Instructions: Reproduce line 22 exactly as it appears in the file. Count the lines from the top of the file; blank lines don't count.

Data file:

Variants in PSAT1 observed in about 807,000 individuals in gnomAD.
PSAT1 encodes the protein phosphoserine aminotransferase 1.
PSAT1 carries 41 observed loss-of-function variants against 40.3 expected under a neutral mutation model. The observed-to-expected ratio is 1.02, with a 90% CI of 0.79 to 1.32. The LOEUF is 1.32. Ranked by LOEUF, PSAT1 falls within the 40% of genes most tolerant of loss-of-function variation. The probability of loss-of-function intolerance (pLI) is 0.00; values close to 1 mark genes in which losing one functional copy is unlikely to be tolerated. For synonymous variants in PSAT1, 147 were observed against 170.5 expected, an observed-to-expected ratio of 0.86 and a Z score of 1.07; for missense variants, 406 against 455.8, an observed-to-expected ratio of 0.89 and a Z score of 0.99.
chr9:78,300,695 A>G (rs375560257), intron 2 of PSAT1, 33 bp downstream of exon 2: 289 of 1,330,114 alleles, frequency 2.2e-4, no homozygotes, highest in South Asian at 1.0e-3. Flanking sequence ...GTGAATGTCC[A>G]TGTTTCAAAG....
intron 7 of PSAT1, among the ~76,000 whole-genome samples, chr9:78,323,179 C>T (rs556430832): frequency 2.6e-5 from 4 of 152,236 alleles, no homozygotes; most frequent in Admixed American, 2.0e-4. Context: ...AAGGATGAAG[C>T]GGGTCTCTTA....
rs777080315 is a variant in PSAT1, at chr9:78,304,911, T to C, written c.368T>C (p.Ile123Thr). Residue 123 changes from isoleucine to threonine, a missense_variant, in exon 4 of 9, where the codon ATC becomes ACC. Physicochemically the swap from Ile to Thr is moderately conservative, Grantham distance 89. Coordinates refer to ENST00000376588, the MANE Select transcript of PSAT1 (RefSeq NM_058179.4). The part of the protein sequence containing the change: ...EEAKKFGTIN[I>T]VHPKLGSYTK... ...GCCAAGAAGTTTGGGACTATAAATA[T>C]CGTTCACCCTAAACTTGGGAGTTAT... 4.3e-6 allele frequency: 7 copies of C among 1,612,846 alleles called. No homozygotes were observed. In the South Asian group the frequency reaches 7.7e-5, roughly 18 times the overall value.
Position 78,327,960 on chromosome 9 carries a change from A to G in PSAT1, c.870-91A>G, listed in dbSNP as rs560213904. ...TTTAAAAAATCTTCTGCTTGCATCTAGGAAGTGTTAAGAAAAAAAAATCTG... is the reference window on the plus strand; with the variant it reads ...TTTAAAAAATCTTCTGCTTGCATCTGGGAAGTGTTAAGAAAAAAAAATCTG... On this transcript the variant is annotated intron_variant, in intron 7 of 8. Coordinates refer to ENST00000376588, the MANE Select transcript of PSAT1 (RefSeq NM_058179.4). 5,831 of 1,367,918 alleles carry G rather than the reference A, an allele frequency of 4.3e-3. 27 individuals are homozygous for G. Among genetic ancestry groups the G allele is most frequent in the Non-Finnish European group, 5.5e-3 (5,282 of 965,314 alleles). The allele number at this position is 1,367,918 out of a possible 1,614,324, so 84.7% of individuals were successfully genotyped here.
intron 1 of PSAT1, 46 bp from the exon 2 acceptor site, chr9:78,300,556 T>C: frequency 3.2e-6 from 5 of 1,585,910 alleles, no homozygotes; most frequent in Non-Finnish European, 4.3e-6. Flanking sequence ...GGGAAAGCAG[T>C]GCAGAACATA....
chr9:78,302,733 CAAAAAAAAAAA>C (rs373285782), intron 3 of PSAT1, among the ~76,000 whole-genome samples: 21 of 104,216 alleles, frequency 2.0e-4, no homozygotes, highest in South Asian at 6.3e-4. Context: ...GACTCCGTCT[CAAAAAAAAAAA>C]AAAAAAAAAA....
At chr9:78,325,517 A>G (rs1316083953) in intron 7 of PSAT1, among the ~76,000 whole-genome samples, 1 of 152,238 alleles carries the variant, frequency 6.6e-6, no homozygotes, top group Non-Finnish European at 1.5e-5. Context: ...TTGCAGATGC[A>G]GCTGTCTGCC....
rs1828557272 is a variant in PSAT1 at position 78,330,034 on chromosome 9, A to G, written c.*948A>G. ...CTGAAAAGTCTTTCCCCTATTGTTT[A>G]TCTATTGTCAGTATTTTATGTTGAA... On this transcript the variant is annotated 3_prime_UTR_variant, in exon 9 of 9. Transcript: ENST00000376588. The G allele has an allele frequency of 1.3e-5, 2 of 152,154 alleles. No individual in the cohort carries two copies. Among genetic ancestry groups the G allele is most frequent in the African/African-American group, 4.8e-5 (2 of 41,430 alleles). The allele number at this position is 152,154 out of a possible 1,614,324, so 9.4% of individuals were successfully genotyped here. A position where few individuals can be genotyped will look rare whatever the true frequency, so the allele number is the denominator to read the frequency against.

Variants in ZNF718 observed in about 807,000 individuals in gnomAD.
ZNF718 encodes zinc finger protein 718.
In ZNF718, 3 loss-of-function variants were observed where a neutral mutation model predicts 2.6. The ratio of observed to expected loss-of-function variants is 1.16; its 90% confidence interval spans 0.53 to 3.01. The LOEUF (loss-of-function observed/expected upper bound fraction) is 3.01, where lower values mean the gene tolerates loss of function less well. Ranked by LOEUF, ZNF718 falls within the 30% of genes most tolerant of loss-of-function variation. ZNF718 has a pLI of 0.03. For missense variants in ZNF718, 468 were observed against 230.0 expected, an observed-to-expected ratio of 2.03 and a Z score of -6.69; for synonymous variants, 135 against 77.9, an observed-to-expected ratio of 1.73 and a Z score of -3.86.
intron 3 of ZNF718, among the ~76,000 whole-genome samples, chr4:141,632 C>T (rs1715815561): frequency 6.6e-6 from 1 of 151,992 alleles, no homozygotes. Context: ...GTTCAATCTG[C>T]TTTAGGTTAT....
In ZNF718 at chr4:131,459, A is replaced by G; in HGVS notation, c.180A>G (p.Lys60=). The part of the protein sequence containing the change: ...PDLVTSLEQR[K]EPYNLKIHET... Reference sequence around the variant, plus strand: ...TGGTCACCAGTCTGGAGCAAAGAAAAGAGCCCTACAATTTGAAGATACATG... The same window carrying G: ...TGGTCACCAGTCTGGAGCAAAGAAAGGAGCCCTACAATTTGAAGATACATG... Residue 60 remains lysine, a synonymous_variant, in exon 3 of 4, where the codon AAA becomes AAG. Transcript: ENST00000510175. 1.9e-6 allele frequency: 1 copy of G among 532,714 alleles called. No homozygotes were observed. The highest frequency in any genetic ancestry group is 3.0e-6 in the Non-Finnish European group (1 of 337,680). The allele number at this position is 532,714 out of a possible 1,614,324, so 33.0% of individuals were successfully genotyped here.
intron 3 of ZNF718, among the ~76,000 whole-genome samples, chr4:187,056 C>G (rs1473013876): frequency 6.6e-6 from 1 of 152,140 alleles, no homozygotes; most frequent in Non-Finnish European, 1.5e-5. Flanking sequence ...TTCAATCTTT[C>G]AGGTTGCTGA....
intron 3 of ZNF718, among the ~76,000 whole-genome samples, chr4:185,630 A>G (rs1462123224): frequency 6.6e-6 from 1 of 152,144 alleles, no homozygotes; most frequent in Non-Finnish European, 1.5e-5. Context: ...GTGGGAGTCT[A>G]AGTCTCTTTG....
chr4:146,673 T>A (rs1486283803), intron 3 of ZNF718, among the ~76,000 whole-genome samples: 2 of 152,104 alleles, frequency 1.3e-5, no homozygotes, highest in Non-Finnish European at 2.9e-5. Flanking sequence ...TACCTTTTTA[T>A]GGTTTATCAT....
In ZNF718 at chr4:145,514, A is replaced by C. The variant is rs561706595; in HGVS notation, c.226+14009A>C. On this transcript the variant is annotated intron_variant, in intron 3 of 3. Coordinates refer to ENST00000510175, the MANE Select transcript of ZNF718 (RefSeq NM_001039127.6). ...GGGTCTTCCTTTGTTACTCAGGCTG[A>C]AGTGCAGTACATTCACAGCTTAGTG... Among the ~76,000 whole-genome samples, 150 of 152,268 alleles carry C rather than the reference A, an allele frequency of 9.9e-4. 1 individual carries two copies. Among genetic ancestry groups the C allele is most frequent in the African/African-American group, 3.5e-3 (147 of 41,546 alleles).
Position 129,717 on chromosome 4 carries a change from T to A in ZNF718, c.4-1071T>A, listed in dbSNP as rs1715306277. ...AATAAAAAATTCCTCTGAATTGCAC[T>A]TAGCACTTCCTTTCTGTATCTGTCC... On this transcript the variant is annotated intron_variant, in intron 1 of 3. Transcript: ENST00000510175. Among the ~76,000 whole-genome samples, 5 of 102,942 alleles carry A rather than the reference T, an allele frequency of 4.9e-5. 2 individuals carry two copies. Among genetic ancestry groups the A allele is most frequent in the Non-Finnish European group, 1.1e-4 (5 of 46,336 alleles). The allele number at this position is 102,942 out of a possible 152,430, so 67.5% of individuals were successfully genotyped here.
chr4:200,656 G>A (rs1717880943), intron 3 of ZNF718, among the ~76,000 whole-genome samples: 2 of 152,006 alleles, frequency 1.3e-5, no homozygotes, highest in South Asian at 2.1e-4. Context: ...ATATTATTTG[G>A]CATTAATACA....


chr4:200,656 G>A (rs1717880943), intron 3 of ZNF718, among the ~76,000 whole-genome samples: 2 of 152,006 alleles, frequency 1.3e-5, no homozygotes, highest in South Asian at 2.1e-4. Context: ...ATATTATTTG[G>A]CATTAATACA....